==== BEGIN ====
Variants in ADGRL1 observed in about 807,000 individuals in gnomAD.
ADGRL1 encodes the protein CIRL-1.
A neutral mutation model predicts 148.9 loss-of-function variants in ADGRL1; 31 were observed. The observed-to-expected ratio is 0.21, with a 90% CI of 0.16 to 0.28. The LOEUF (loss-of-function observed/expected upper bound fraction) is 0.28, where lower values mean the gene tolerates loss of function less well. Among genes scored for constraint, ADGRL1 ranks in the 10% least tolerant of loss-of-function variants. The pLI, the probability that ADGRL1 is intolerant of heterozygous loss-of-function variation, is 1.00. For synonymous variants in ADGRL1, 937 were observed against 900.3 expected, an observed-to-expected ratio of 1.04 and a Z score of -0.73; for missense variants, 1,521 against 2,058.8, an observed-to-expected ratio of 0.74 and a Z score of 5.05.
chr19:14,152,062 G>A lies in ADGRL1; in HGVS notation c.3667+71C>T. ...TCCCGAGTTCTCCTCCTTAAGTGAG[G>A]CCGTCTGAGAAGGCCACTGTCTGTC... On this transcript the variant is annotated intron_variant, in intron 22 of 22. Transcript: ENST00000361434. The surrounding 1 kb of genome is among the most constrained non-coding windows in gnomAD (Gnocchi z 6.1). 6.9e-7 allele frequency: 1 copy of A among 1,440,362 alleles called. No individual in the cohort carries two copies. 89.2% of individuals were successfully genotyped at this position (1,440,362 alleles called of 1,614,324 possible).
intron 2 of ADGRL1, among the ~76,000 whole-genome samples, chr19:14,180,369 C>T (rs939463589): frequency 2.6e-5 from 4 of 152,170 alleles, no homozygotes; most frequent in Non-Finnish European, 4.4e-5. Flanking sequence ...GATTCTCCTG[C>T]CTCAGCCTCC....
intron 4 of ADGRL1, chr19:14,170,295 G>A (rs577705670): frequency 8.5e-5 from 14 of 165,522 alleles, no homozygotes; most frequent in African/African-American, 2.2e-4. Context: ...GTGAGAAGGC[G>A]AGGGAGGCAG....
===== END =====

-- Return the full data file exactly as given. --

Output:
Variants in ADGRL1 observed in about 807,000 individuals in gnomAD.
ADGRL1 encodes the protein CIRL-1.
A neutral mutation model predicts 148.9 loss-of-function variants in ADGRL1; 31 were observed. The observed-to-expected ratio is 0.21, with a 90% CI of 0.16 to 0.28. The LOEUF (loss-of-function observed/expected upper bound fraction) is 0.28, where lower values mean the gene tolerates loss of function less well. Among genes scored for constraint, ADGRL1 ranks in the 10% least tolerant of loss-of-function variants. The pLI, the probability that ADGRL1 is intolerant of heterozygous loss-of-function variation, is 1.00. For synonymous variants in ADGRL1, 937 were observed against 900.3 expected, an observed-to-expected ratio of 1.04 and a Z score of -0.73; for missense variants, 1,521 against 2,058.8, an observed-to-expected ratio of 0.74 and a Z score of 5.05.
chr19:14,152,062 G>A lies in ADGRL1; in HGVS notation c.3667+71C>T. ...TCCCGAGTTCTCCTCCTTAAGTGAG[G>A]CCGTCTGAGAAGGCCACTGTCTGTC... On this transcript the variant is annotated intron_variant, in intron 22 of 22. Transcript: ENST00000361434. The surrounding 1 kb of genome is among the most constrained non-coding windows in gnomAD (Gnocchi z 6.1). 6.9e-7 allele frequency: 1 copy of A among 1,440,362 alleles called. No individual in the cohort carries two copies. 89.2% of individuals were successfully genotyped at this position (1,440,362 alleles called of 1,614,324 possible).
intron 2 of ADGRL1, among the ~76,000 whole-genome samples, chr19:14,180,369 C>T (rs939463589): frequency 2.6e-5 from 4 of 152,170 alleles, no homozygotes; most frequent in Non-Finnish European, 4.4e-5. Flanking sequence ...GATTCTCCTG[C>T]CTCAGCCTCC....
intron 4 of ADGRL1, chr19:14,170,295 G>A (rs577705670): frequency 8.5e-5 from 14 of 165,522 alleles, no homozygotes; most frequent in African/African-American, 2.2e-4. Context: ...GTGAGAAGGC[G>A]AGGGAGGCAG....